Getting appointments using bash

Retrieving GNIB appointments using a bash scripr

recap: In the previous post, I managed to get the available appointments by pasting a bit of javascript that used GET to retrieve the available appointments through the browser console.

source: hosted on Github here

webapp: hosted on Heroku here shows available timings for GNIB and Visa appointments

In this post, I describe further efforts that led to a bash / python script that pulled the appointments. The advantages of a script is that it can be automated and run anywhere. So there are possibilities such as running the script on a server every 30 mins and then sending an email or some form of notification when a new appointment becomes available.

The script should not be too complicated and must be as simple as possible to run. Ideally something like this (actual output):

$harsh@XNMPRO:scripts >./query_gnib_appointments.py
4 July 2017 - 10:00
21 July 2017 - 08:00

script

Bash is the defacto language scripts are written in (usually) and these days so is python. I also happen to have taken a liking to python, which is why I tend to use it for pretty much everything.

making the request

That being said, bash uses curl which is an utility to make web requests. The URL from the previous post was https://burghquayregistrationoffice.inis.gov.ie/Website/AMSREG/AMSRegWeb.nsf/(getAppsNear). Suffixing it with the required GET parameters, we get http://burghquayregistrationoffice.inis.gov.ie/Website/AMSREG/AMSRegWeb.nsf/(getAppsNear)?openpage=&dt=&cat=Study&sbcat=All&typ=Renewal. For brevity, I'm going to use just URL instead of the large wad of characters.

SSL verification

Using the redirect/location flag -L, the output produced was:

$harsh@XNMPRO:scripts >curl -L "URL"
curl: (60) SSL certificate problem: unable to get local issuer certificate
More details here: https://curl.haxx.se/docs/sslcerts.html

curl performs SSL certificate verification by default, using a "bundle"
 of Certificate Authority (CA) public keys (CA certs). If the default
 bundle file isn't adequate, you can specify an alternate file
 using the --cacert option.
If this HTTPS server uses a certificate signed by a CA represented in
 the bundle, the certificate verification probably failed due to a
 problem with the certificate (it might be expired, or the name might
 not match the domain name in the URL).
If you'd like to turn off curl's verification of the certificate, use
 the -k (or --insecure) option.

I'm not much knowledgeable about how SSL works at this level, so I just digged through the manpage to find the -k flag which disables SSL protection. Additionally, I used the -s flag to suppress progress bars from polluting the output. Using it yielded the response required:

$harsh@XNMPRO:scripts >curl -L -k "URL"
{"slots":[{"time":"21 July 2017 - 08:00", "id":"5D2DE14F0B06EFF8802581250031862F"}]}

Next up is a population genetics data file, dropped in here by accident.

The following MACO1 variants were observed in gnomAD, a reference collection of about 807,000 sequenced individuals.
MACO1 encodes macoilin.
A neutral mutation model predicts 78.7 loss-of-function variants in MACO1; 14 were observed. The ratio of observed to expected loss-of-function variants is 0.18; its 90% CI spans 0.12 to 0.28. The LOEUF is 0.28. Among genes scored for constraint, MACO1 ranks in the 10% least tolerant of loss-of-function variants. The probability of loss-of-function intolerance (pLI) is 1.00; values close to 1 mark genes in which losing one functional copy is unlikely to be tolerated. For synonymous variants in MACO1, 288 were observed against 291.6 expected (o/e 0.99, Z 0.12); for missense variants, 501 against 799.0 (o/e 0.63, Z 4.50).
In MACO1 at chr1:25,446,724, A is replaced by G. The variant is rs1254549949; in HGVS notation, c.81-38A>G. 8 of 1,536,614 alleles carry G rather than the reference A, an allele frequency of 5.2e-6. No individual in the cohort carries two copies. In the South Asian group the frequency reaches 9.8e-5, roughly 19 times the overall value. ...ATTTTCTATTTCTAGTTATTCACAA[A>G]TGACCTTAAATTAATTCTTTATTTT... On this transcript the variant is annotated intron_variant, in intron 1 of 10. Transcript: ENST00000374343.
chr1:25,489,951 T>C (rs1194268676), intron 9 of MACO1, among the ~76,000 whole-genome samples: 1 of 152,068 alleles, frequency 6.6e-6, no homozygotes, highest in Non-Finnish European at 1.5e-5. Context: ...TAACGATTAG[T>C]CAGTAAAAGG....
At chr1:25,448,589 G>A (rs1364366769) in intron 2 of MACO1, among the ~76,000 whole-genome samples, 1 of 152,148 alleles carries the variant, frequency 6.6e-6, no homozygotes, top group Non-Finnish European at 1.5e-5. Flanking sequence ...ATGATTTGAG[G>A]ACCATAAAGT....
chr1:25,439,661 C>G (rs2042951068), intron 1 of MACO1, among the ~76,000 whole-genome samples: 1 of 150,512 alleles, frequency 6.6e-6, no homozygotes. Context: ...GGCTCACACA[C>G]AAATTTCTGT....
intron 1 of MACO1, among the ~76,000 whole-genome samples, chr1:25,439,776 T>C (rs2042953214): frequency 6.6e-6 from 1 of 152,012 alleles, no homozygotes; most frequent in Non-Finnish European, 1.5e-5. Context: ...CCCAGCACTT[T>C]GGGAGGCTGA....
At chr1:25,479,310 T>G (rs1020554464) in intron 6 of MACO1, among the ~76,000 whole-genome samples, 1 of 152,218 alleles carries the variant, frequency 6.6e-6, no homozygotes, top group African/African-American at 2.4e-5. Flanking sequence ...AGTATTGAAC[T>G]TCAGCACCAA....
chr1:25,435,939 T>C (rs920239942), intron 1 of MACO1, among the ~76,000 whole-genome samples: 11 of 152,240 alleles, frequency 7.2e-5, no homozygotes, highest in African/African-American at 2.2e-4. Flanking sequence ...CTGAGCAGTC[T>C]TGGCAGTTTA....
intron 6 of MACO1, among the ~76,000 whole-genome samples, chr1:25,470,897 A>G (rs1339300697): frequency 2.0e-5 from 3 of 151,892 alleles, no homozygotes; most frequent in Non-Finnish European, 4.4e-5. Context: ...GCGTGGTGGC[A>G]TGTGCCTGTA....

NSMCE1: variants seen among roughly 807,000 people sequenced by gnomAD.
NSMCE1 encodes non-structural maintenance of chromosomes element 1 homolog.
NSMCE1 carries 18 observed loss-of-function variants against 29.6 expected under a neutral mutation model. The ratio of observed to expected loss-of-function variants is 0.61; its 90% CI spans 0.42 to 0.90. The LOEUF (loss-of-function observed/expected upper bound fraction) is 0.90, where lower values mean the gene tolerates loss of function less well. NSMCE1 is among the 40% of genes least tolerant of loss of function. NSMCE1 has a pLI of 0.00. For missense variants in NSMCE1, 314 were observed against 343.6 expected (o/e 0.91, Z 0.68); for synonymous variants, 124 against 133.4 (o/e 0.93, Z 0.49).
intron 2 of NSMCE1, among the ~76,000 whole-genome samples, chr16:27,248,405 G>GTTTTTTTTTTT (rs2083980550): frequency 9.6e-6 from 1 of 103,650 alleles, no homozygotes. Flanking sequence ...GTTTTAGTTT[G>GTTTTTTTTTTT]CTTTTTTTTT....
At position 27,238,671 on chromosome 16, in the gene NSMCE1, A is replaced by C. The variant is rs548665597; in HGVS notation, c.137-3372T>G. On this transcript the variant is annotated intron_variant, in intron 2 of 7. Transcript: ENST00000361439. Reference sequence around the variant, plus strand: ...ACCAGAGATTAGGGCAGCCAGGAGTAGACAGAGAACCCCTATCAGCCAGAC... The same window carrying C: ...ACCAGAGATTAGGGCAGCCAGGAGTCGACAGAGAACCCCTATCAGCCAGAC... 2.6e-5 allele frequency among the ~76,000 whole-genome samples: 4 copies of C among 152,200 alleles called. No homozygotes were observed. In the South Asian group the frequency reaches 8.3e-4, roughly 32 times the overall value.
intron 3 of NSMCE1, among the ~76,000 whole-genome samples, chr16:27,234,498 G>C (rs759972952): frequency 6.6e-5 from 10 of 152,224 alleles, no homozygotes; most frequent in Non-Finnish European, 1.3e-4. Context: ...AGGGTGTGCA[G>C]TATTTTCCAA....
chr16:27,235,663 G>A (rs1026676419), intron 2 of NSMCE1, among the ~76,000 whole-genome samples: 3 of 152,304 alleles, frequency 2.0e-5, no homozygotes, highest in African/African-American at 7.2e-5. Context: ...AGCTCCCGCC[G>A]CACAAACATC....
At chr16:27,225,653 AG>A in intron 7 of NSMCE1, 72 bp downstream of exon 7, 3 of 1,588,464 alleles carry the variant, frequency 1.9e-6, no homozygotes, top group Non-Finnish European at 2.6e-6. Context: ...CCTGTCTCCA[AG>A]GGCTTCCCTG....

Parsing JSON

If you can get away with manually eyeballing the response to get available appointment times, great. But I need precisely just the appointment timings. Which meant that I needed some way to parse that JSON response. So many tools, and all of the pre-installed languages, all have JSON handling libraries. Take your pick. I found a good variety on stackoverflow.

jq

Working in shell scripts, jq is a great tool for working with JSON. It can be used as simply as:

$harsh@XNMPRO:scripts >curl -L -k "URL" | jq ".slots | .[] | .time"
"21 July 2017 - 08:00"

jq uses syntax for selecting elements from JSON. The .slots instructs it to extract the value at that particular key. | (pipe) works as a filter and passes the data extracted from one part onto the next. .[] is an array operator, it acts as a for ... each on the array elements. .time then extracts the value for the appointment and prints it out.

grep

Using pattern matching, it is possible to only print out those lines that contain the word "time".

$harsh@XNMPRO:scripts >curl -L -k "URL" | grep -Po '"time":.*?[^\\]",'
"time":"21 July 2017 - 08:00",

python

After those two, it seems a bit silly to use python, but that's what I did anyway. In python, it is possible to execute a script inline using the -c command. The full script to parse out this particular JSON is:

import sys
import json
data = json.load(sys.stdin)
if data.get("error", None) is not None:
    raise Exception("ERROR: %s" % data["error"])
# If there are no appointments, then the empty key is set
if data.get("empty", None) is not None:
    print("No appointments available")
    sys.exit(0)
# There are appointments, and are in the key "slots"
data = data.get("slots", None)
if data is None:
    raise Exception("Data is NULL")
# This should not happen, but a good idea to check it anyway
if len(data) == 0:
    print("No appointments available")
    sys.exit(0)
# print appointments
# Format is:
# {
#   "id": "str",
#   "time": "str"
# }
for appointment in data:
    print(appointment["time"])

To use this, just put everything between triple-quotes ''' as this constitutes a multiline comment/statement in python.

$harsh@XNMPRO:scripts >curl -L -k "URL" | python '''
# program goes here
'''

Future work

  • Python script to do everything from request to parsing
  • Chrome extension of some sorts
  • Put the script up on a website for easier access to appointments